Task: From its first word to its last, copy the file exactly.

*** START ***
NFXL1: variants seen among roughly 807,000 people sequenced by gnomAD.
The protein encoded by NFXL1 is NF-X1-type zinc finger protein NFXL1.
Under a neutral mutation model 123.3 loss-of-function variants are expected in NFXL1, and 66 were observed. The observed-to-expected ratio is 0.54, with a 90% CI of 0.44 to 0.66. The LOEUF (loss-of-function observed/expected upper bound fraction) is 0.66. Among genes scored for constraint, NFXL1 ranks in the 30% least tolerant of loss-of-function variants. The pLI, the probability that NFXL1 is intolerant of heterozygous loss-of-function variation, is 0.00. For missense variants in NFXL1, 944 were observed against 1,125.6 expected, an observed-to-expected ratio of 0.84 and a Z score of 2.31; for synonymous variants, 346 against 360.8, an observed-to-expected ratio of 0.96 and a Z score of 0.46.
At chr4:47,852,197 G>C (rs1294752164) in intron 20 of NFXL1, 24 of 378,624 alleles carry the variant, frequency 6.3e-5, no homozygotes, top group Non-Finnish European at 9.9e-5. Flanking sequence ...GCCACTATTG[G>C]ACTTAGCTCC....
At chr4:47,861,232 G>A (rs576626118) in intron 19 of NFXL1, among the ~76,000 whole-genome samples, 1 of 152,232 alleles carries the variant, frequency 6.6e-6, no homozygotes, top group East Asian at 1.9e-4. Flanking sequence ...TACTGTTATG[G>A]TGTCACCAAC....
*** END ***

NFXL1: variants seen among roughly 807,000 people sequenced by gnomAD.
The protein encoded by NFXL1 is NF-X1-type zinc finger protein NFXL1.
Under a neutral mutation model 123.3 loss-of-function variants are expected in NFXL1, and 66 were observed. The observed-to-expected ratio is 0.54, with a 90% CI of 0.44 to 0.66. The LOEUF (loss-of-function observed/expected upper bound fraction) is 0.66. Among genes scored for constraint, NFXL1 ranks in the 30% least tolerant of loss-of-function variants. The pLI, the probability that NFXL1 is intolerant of heterozygous loss-of-function variation, is 0.00. For missense variants in NFXL1, 944 were observed against 1,125.6 expected, an observed-to-expected ratio of 0.84 and a Z score of 2.31; for synonymous variants, 346 against 360.8, an observed-to-expected ratio of 0.96 and a Z score of 0.46.
At chr4:47,852,197 G>C (rs1294752164) in intron 20 of NFXL1, 24 of 378,624 alleles carry the variant, frequency 6.3e-5, no homozygotes, top group Non-Finnish European at 9.9e-5. Flanking sequence ...GCCACTATTG[G>C]ACTTAGCTCC....
At chr4:47,861,232 G>A (rs576626118) in intron 19 of NFXL1, among the ~76,000 whole-genome samples, 1 of 152,232 alleles carries the variant, frequency 6.6e-6, no homozygotes, top group East Asian at 1.9e-4. Flanking sequence ...TACTGTTATG[G>A]TGTCACCAAC....